According to The New Yorker, whenever he visited New York, he would meet Iranians living there over breakfast. But President Ahmadinejad has his moments of joy at the dinner table and confesses loyalty to the Islamic faith. In October 2007, in the middle of Ramadhan, he hosted a nightly iftar meal, which breaks the fast each evening.

At the Hilton, New York, The New Yorker reports that hundreds of Iranians lined up for the dinner and as soon as President Ahmadinejad arrived, guests in the middle of their meals stood to recite the Koran.

Exclaiming “Congratulations on Ramadhan!” to a standing ovation, he remained true to character saying: “I’m truly thankful to God that I can spend this time in this auspicious month in the company of you Iranians in New York!”

Although it is not documented how frequently he visits the mosque for prayers, President Ahmadinejad is believed to be a staunch Muslim who has kept his father’s religious teachings. While he was growing up in the 1970s, an era when families embraced secular life, he refused to change.

President Ahmadinejad is one man former US President George W. Bush had little respect for while in office. Mr Bush is on record as having described Ahmadinejad’s administration as part of an “axis of evil”.

But even with all the controversy around him, he has had compelling one-on-one interviews with internationally renowned TV personalities like CNN’s Larry King. Appearing on Larry King Live on September 23, 2008, he said only President Bush, Senator John McCain and President Obama (then senator) could tell the world why they did not want to talk to him.

World affairs

Asked if he loved being in New York, he replied: “In the name of God the compassionate, the merciful, well, this is the headquarters of the United Nations and it is essential that we come here to meet with the heads of state and to promote the cooperation that is required for the management of world affairs today.”

At a public forum during his tour of Columbia University in September 2007, a member of the audience asked him what it would take for Iran to engage in talks with the US or the West.

As reported in the New York Times of September 24, 2007 he said: “If the US Government recognises the rights of the Iranian people, respects all nations and extends a hand of friendship to all Iranians, they will see that Iranians will be among their best friends.”

Not a lot is known about Iran’s First Lady, but she is said to be an engineer. Together, the couple has three children; two sons and a daughter. Two are already married and one is a university student.

President Ahmadinejad, who was born Mahmoud Saborjian, rose from humble beginnings to become Iran’s sixth president. His father, Ahmad Sabaghian, earned a living as a blacksmith. His father changed his name when the family relocated from the village to Tehran when Ahmadinejad was only one-year-old.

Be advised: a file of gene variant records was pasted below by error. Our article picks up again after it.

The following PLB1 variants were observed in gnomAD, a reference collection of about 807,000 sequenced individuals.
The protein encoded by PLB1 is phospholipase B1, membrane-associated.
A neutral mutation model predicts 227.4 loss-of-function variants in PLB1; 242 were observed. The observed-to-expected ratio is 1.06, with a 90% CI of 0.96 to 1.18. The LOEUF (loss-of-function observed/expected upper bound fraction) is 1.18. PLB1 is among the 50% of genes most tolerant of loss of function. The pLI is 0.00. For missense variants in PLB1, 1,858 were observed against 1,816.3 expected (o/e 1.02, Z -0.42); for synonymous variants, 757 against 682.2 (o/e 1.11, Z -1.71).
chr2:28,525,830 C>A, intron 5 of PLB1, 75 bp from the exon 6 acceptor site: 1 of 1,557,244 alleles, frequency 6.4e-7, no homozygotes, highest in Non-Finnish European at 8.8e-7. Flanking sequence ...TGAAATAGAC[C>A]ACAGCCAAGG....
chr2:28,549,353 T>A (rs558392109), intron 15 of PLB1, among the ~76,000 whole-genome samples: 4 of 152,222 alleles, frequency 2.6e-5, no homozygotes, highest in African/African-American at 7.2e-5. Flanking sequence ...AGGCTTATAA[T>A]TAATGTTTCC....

Though he grew up under difficult circumstances in a Tehran suburb, he excelled through the school system, topping his class in high school and going on to achieve the highest credentials at the university.

He pursued a degree in civil engineering at the Iran University of Science and Technology and went on to get a Ph.D in traffic and transportation engineering and planning. According to the New York Times, Ahmadinejad has always presented himself as a simple man who is considerate of the poor.

He has often criticised the wealthy in Iran, winning massive support from the voters. On one occasion, he said teachers had lived on small salaries and ought to have an increase in pay.

Revolutionary Guards

Mr Ahmadinejad was a member of the Revolutionary Guards before he volunteered to join the military when his country went to war with Iraq in 1981.

The Iranian president caused a stir when, in October 2005, at an anti-Zionist conference in Tehran, he was reported as having said that Israel should be “wiped off the map” and that The Holocaust – the genocide of about six million European Jews during World War II as part of a programme of deliberate extermination planned and executed by Nazi Germany under Adolf Hitler – was a myth.

But a section of scholars and experts in Middle East affairs have come to his defence, saying his message was lost in the translation and thus he was misquoted.

According to the BBC, in 2005, the president banned Western and “indecent” music from state-run media. Though he has allowed women to participate in major sporting events in the country, he has continued to enforce the campaign to have women obey Iran’s strict Islamic dressing codes.

The following sources were used for this article: BBC, New York Times, CNN, Timesonline, Aljazeera, New Yorker, Tehran Times, The Jerusalem Post, Washington Post, Telegraph,